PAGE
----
A former supervisor at CBC North was sentenced to an 18-month conditional discharge for defrauding the company for personal expenses.
Pascal Sterlin, who pleaded guilty in October, was sentenced in N.W.T. Terrritorial Court on Friday.
Over a period of three months in 2018, Sterlin, who worked in Yellowknife, spent approximately $3,600 using a CBC company credit card for vacations in Mexico and the Maldives as well as for his internet bill.
He also lied about his father's death, telling his supervisor that he needed to leave Yellowknife to deal with funeral arrangements, when in fact he was vacationing. This was discovered when posts of the vacation were published on social media.
The agreed statement of facts presented in court detailed how Sterlin was contacted by CBC representatives in May 2018 about his outstanding balance.
He was questioned about the expenses, and his father's death, at a meeting with human resources staff and his union representative.
Sterlin told that meeting "I know how this looks," and that it was his ex-girlfriend who had improperly used his company credit card. He said he'd contacted the police but not filed a report.
Sterlin later admitted he'd lied about his father being dead, and also admitted he was the one who had used the credit card for personal expenses, according to the agreed statement of facts.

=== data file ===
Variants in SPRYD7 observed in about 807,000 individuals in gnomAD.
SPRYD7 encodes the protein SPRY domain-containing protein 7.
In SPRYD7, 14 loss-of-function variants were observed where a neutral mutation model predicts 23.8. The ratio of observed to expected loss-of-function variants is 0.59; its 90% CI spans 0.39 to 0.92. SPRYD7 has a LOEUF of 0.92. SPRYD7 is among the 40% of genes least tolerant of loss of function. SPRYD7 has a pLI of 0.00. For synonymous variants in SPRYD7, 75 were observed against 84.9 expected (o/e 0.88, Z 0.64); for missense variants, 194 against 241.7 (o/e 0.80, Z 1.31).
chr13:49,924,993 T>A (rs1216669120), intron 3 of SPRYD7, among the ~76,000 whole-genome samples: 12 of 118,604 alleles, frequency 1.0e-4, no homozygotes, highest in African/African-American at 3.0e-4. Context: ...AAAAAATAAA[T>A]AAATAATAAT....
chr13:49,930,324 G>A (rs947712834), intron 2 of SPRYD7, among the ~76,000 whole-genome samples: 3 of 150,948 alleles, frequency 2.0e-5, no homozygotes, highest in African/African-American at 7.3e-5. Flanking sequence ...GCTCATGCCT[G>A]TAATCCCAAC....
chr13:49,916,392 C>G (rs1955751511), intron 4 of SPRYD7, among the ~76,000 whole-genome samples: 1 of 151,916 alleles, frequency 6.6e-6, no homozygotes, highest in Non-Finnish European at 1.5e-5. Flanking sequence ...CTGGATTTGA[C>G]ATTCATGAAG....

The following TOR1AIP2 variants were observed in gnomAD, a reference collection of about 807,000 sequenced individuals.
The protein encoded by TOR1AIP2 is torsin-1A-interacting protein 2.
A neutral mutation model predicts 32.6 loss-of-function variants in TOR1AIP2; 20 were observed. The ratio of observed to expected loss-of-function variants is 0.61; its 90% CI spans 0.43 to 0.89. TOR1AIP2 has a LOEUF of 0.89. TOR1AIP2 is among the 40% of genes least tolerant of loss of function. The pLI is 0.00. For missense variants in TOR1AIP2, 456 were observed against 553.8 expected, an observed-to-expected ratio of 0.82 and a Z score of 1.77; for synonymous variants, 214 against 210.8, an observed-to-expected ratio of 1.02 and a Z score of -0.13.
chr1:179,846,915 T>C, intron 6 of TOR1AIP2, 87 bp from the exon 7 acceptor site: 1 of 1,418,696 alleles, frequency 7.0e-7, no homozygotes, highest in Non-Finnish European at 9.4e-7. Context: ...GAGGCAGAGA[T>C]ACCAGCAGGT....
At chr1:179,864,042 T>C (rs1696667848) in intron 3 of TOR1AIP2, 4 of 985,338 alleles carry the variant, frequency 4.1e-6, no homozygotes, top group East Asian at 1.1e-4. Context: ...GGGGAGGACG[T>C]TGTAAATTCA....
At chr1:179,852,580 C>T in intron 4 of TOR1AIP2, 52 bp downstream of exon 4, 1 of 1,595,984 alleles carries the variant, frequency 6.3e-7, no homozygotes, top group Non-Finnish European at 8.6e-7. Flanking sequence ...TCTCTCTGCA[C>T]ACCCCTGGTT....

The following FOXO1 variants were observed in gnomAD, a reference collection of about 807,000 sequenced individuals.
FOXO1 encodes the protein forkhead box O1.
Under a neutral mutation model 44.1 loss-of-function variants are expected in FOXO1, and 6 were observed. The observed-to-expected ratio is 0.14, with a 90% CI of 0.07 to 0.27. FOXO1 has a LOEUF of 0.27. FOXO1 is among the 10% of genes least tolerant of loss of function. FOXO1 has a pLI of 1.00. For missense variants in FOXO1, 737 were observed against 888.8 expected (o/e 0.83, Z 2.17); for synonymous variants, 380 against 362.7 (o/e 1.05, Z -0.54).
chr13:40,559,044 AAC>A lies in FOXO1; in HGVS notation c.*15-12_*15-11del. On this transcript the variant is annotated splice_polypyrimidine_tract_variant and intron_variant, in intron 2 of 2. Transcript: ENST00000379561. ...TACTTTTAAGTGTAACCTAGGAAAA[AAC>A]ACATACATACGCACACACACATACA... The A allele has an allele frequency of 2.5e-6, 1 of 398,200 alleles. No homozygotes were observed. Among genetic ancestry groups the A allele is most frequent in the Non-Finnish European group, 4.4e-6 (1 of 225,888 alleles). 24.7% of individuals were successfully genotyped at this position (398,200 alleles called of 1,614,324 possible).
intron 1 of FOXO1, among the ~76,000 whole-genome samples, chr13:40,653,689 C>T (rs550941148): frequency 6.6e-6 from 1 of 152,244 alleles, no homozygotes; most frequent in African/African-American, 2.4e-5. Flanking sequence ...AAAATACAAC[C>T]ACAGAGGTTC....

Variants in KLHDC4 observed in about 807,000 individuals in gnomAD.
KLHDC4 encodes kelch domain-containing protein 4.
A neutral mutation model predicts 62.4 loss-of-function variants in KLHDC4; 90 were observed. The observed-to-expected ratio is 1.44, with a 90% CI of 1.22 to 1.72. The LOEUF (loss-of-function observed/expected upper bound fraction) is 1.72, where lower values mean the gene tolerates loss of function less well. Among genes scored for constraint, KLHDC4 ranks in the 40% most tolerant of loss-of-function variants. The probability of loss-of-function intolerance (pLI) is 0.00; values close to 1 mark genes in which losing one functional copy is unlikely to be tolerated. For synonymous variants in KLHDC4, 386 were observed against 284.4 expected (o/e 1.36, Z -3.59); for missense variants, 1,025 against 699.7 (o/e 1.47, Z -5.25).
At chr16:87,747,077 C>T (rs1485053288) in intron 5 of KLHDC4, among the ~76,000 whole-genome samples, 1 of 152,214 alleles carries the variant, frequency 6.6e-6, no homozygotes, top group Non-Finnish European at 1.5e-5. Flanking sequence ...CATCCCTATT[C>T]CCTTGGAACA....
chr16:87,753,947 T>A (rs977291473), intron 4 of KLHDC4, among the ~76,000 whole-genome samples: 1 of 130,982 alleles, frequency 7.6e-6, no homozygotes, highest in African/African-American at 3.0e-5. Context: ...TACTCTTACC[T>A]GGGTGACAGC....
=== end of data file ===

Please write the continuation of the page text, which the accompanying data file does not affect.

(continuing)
His conditional discharge means he will serve no time and will have no criminal record from the incident as long as he stays out of trouble for the next three years.
In 2019, Sterlin was initially accused of defrauding the corporation of $7,817 between February and May 2018. His trial was pushed back several times due to the COVID-19 pandemic.
Embarrassed and remorseful
Sterlin, appearing at the Yellowknife courthouse by video from his home in Montreal, apologized for his actions and said he felt embarrassed and remorseful for what he had done.
His defence attorney, Tú Pham, said the incident was a lapse in judgment and that at the time Sterlin was having financial issues and dealing with depression.
Pham said Sterlin did not intend to steal, but thought of it as a loan that he could pay back before his employers discovered it.
Both the Crown and defence said they took into account Sterlin's lack of prior convictions, as well as the fact he showed remorse and pleaded guilty, and the consequences he's suffered as a result of the media coverage.
Pham said Sterlin has had trouble gaining employment due to the publicity of the court case. He said Sterlin was unemployed for a period of three years.
Pham said Sterlin's career in technology is over but he is currently working three jobs, 60 hours a week, in Montreal, and making less than what he had made working for the CBC. Sterlin, who is now in his late 40's, also has three kids that he is providing for, Pham said.
Crown prosecutor Matthew Scott said the sentence was also influenced by the fact the fraudulent scheme was poorly executed. Pham said this showed it was clearly not a professional plan, but an impulsive act made in poor judgment.
Sterlin was also ordered to pay the CBC what he owed.
The sentence also prevents Sterlin from having responsibility over any of his employers' finances, or in charge of finances in any volunteer roles for the next six and a half years.